It’s important to note that some of these roles may be either in-house or outsourced. Some roles may be embodied in one person, such as the managing editor who is also a content creator. Additionally, depending on the structure of your organization, execution may happen in distributed teams. This is why establishing a core content marketing operations team will be the glue that makes sure your content marketing programs are consistent, strategic, and well orchestrated.

At the least, I highly recommend that your centralized team take ownership of the following:

  • Buyer personas
  • Mapping the buyer’s journey
  • Developing the storyline for each application (or at least overseeing it)
  • Setting the tone and style to match the brand, positioning, and needs of target markets
  • Analyzing the results of content marketing programs
  • Developing the processes and workflows for execution

This doesn’t mean locking them down; it means developing these components and managing them across the organization to ensure best outcomes.

Visibility and Collaboration Bring Calm and Consistency

The key to making this all work is visibility and collaboration across the organization. With the content platforms available today, there’s just no reason not to enable consistent processes and workflows. The ability to contribute ideas and feedback to works in progress—whether you’re responsible for the content or not—brings out collective genius that would otherwise remain unheard and unseen.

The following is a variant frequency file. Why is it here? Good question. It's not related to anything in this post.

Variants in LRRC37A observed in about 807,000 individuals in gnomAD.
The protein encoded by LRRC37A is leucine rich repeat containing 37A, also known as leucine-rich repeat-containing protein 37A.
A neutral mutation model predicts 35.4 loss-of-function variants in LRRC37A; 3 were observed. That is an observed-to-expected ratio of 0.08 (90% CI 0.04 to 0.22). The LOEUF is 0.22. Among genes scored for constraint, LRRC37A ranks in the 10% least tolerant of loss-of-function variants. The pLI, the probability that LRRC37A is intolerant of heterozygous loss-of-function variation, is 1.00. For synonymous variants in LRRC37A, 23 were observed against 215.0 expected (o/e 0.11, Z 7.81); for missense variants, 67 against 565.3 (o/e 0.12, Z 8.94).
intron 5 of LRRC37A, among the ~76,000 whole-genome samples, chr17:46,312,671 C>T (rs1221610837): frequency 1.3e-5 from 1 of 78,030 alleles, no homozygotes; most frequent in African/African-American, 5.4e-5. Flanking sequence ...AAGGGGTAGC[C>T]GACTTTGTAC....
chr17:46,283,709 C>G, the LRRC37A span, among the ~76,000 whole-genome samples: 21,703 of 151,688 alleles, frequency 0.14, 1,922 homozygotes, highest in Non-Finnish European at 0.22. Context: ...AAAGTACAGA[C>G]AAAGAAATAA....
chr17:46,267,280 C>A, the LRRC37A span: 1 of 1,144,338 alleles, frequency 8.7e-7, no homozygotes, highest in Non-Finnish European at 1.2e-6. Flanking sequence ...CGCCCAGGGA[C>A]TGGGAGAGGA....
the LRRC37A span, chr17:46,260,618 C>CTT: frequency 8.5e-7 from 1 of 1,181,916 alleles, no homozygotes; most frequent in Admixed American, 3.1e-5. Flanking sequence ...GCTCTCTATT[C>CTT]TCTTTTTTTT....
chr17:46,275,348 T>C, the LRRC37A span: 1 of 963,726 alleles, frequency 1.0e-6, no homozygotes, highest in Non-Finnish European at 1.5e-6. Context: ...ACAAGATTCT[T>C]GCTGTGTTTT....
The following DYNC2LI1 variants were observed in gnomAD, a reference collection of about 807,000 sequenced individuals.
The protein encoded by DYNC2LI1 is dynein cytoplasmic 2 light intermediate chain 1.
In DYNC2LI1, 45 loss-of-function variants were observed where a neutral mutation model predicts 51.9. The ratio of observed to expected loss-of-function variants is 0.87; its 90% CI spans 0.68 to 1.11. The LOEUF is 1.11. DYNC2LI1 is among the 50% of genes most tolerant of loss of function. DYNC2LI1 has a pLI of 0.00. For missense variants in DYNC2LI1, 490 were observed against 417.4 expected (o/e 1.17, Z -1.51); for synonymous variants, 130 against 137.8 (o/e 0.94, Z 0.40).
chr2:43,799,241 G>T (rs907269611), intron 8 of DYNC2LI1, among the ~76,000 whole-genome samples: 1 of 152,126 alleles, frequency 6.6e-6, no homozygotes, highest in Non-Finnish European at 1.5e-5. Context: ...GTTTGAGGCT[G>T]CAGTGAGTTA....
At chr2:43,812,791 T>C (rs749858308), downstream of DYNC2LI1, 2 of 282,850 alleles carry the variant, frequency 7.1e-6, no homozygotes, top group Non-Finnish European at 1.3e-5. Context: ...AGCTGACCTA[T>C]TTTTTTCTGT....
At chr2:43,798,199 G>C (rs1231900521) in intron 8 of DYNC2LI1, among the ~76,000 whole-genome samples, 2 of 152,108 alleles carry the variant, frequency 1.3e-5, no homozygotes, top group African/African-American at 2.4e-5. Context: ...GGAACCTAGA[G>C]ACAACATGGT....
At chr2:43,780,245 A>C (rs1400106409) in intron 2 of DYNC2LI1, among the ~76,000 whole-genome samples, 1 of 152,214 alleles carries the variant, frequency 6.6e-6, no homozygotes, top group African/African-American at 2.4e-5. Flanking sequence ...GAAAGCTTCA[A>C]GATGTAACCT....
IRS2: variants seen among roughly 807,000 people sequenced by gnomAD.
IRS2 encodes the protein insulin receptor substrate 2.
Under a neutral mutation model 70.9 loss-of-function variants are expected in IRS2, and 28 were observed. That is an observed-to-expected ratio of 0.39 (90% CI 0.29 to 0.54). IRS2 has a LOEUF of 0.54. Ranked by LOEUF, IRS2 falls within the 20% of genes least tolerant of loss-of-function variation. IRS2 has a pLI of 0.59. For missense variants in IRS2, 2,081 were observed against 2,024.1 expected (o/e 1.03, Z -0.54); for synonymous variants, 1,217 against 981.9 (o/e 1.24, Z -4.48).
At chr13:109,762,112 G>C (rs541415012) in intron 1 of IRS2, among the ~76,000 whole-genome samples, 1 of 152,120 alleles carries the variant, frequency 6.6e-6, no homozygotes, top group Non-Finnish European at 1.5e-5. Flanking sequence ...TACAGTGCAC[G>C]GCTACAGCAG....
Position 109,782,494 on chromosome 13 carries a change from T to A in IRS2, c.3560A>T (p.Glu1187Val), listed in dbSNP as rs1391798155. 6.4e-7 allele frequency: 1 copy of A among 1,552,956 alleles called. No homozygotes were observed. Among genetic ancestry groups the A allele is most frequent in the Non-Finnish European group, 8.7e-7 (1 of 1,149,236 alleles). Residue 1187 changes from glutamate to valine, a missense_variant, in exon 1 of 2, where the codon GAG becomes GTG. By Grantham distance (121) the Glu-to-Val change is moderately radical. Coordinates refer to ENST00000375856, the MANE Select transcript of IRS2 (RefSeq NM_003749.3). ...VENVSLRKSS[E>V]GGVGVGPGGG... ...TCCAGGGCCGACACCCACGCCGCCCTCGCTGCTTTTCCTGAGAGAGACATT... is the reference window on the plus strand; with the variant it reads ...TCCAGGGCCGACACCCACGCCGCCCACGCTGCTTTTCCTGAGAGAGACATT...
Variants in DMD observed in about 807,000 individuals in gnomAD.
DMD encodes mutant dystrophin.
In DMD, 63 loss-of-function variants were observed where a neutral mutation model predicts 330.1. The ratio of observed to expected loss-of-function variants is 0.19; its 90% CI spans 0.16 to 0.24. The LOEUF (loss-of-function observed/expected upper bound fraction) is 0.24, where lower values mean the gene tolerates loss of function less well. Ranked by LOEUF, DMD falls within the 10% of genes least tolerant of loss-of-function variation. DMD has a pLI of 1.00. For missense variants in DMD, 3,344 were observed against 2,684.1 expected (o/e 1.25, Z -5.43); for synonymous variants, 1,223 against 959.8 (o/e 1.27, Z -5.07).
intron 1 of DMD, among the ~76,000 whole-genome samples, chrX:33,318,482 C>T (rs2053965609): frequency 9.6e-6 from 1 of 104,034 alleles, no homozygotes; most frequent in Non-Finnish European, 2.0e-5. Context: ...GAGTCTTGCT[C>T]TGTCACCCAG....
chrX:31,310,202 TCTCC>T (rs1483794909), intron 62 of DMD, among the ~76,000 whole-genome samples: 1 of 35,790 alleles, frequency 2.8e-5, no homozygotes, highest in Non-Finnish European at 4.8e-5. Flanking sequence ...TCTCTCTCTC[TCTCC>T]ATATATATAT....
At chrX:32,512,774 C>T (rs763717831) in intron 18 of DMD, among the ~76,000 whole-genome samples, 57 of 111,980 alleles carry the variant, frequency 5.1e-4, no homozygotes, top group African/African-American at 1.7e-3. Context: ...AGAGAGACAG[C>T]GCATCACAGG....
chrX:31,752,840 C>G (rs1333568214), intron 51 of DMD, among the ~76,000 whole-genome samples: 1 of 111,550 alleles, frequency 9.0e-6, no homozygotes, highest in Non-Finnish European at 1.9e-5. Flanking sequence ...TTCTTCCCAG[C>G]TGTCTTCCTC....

But the other added value is the inclusiveness generated by being able to see a) the content for each persona, b) the story that’s being told by different areas of the organization, and c) how the stories coincide with one another. When I say inclusiveness, I mean the ability to generate new ideas about how content can be repurposed and shared that also reduce redundancy and don’t reinvent the wheel.

When approached from this perspective, content marketing operations can indeed result in individual roles beautifully synced together, with no chaos in sight.

Ardath Albee

About Ardath Albee

Ardath Albee is a B2B Marketing Strategist and CEO of her firm, Marketing Interactions. She’s written two books, the latest is Digital Relevance: Developing Content and Strategies That Drive Results. Ardath helps B2B companies with complex sales use persona-driven content marketing strategies to turn prospects into buyers and convince customers to stay. Follow her on Twitter at @ardath421.